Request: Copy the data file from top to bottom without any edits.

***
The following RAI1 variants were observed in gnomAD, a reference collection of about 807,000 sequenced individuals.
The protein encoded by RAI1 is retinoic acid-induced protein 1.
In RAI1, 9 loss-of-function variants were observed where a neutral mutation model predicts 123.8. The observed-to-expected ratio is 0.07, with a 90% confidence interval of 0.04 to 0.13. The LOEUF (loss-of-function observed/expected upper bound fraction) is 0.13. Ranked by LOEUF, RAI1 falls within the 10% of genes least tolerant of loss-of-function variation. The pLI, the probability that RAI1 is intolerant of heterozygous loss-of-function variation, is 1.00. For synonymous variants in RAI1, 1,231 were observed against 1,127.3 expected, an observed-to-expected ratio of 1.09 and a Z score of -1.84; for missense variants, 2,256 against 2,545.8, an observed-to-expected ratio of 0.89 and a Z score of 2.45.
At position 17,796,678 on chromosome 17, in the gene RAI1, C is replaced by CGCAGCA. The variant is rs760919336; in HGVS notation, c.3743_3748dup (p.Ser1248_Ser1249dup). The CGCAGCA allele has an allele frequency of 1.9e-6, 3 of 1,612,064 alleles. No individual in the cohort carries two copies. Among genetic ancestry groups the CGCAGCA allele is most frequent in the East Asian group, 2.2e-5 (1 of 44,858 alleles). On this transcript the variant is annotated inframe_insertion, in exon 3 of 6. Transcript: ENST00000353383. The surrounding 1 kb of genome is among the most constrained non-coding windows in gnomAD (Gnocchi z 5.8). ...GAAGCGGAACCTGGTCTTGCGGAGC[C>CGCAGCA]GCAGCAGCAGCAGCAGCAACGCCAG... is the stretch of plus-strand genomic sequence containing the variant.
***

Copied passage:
The following RAI1 variants were observed in gnomAD, a reference collection of about 807,000 sequenced individuals.
The protein encoded by RAI1 is retinoic acid-induced protein 1.
In RAI1, 9 loss-of-function variants were observed where a neutral mutation model predicts 123.8. The observed-to-expected ratio is 0.07, with a 90% confidence interval of 0.04 to 0.13. The LOEUF (loss-of-function observed/expected upper bound fraction) is 0.13. Ranked by LOEUF, RAI1 falls within the 10% of genes least tolerant of loss-of-function variation. The pLI, the probability that RAI1 is intolerant of heterozygous loss-of-function variation, is 1.00. For synonymous variants in RAI1, 1,231 were observed against 1,127.3 expected, an observed-to-expected ratio of 1.09 and a Z score of -1.84; for missense variants, 2,256 against 2,545.8, an observed-to-expected ratio of 0.89 and a Z score of 2.45.
At position 17,796,678 on chromosome 17, in the gene RAI1, C is replaced by CGCAGCA. The variant is rs760919336; in HGVS notation, c.3743_3748dup (p.Ser1248_Ser1249dup). The CGCAGCA allele has an allele frequency of 1.9e-6, 3 of 1,612,064 alleles. No individual in the cohort carries two copies. Among genetic ancestry groups the CGCAGCA allele is most frequent in the East Asian group, 2.2e-5 (1 of 44,858 alleles). On this transcript the variant is annotated inframe_insertion, in exon 3 of 6. Transcript: ENST00000353383. The surrounding 1 kb of genome is among the most constrained non-coding windows in gnomAD (Gnocchi z 5.8). ...GAAGCGGAACCTGGTCTTGCGGAGC[C>CGCAGCA]GCAGCAGCAGCAGCAGCAACGCCAG... is the stretch of plus-strand genomic sequence containing the variant.